There are questions about whether Cambridgeshire County Council got value for money from a law firm it hired to fight cases against parents with disabled children, after close ties were revealed between the council and the firm.
The county council dropped Baker Small last week, after its official Twitter account posted a number of tweets that appeared to gloat about victories over parents whose children have special educational needs (SEN).
But further investigation into Baker Small reveals close ties with Cambridgeshire.
Baker Small’s managing director Mark Small was Cambridgeshire County Council’s principal solicitor and head of adults, education and employment between January 2009 and May 2010.
He left to set up Baker Small.
The council’s own payment data then shows Cambridgeshire commissioning services from Baker Small as early as July 2010, when it paid the firm £24,000 for ‘specialist equipment for service provision’.
What councils paid Baker Small in 2015/16
CAMBRIDGESHIRE – £144,000
Buckinghamshire – £144,000
Hertfordshire – £122,500
Norfolk – £92,590.50
Hammersmith & Fulham – £87,000
Worcestershire – £82,068.85
Barnet – £64,634
Hillingdon – £60,680
Croydon – £55,000
Kensington & Chelsea – £50,370.41
All figures from these councils’ own payment data for 2015/16
Analysis by the News also shows Cambridgeshire paid Baker Small the joint highest amount of any local authority in the 2015/16 financial year.
Cambridgeshire paid Baker Small £36,000 every three months, according to council payment records.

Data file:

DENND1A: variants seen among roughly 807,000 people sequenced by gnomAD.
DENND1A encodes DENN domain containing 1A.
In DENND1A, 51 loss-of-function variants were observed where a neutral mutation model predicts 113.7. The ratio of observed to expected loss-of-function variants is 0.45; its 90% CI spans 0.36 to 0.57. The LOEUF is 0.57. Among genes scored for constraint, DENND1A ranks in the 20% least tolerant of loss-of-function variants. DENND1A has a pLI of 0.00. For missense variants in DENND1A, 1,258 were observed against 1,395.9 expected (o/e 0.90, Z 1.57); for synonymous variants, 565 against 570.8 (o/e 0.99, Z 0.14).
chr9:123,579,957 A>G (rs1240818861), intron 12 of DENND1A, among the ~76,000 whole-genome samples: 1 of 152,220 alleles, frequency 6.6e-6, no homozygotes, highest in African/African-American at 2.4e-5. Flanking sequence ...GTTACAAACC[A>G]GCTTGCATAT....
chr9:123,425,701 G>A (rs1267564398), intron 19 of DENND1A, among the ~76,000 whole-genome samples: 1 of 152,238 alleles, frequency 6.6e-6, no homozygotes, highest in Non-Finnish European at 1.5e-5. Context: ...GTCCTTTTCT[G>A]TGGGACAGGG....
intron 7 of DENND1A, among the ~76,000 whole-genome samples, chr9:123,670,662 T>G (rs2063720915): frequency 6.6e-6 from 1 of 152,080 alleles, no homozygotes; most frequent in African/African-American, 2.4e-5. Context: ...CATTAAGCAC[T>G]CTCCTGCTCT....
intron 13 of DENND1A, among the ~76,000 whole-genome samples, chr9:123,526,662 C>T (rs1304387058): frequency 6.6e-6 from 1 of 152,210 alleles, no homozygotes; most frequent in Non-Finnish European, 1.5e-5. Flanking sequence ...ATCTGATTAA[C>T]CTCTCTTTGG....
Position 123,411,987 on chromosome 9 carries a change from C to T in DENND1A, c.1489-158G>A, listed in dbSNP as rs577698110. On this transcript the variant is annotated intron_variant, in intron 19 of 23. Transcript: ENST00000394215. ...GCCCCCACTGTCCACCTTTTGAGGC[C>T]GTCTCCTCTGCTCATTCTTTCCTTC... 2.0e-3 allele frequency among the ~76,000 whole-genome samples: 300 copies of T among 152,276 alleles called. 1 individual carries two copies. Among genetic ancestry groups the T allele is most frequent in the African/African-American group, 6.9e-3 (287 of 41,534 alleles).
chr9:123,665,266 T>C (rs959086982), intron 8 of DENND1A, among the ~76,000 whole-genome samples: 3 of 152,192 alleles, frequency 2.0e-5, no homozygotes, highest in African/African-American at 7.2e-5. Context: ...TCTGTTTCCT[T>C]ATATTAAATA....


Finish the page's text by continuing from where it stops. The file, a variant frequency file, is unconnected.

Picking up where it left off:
Only Buckinghamshire County Council had the same deal. Other councils have long-term contracts with Baker Small which work out at a smaller annual spend, or appear to pay the firm on a case-by-case basis.
A council spokesman said this sort of regular payment “represents much better value for money than paying on a case-by-case basis”.
Council records show Cambridgeshire has paid Baker Small almost £550,000 the past six years.
Cambridgeshire County Council is one of two owners of LGSS Law – a law firm tailored to the public sector. A press release last year announcing its creation said LGSS Law had access to 85 lawyers and support staff.
Cambridgeshire’s payments to Baker Small (all figures from the council’s own payment data)
We would have preferred to use in-house lawyers, but at the time there was no-one with the required expertise in SEN,” said a council spokesman.
“LGSS Law did not have any SEN expertise or experience at the time, but are currently developing this. We will shortly be putting the service out to tender.”
Cllr Lorna Dupre was the first to write to the county council demanding action in light of Baker Small’s tweets.
“The immediate decision to cease to engage Baker Small for new cases is welcome – there is no place here for the attitudes towards local families displayed in the Twitter messages of 11 June,” she said.
“But there may well be more questions still to be answered, about the large sums of money used by Cambridgeshire County Council to pay for external representation at special educational needs tribunals, how these choices were made, and whether they represented value for money and fairness to parents.
“It seems to me that those are questions we as councillors have a duty to ask.”
Baker Small managing director Mr Small did not respond to requests for comment.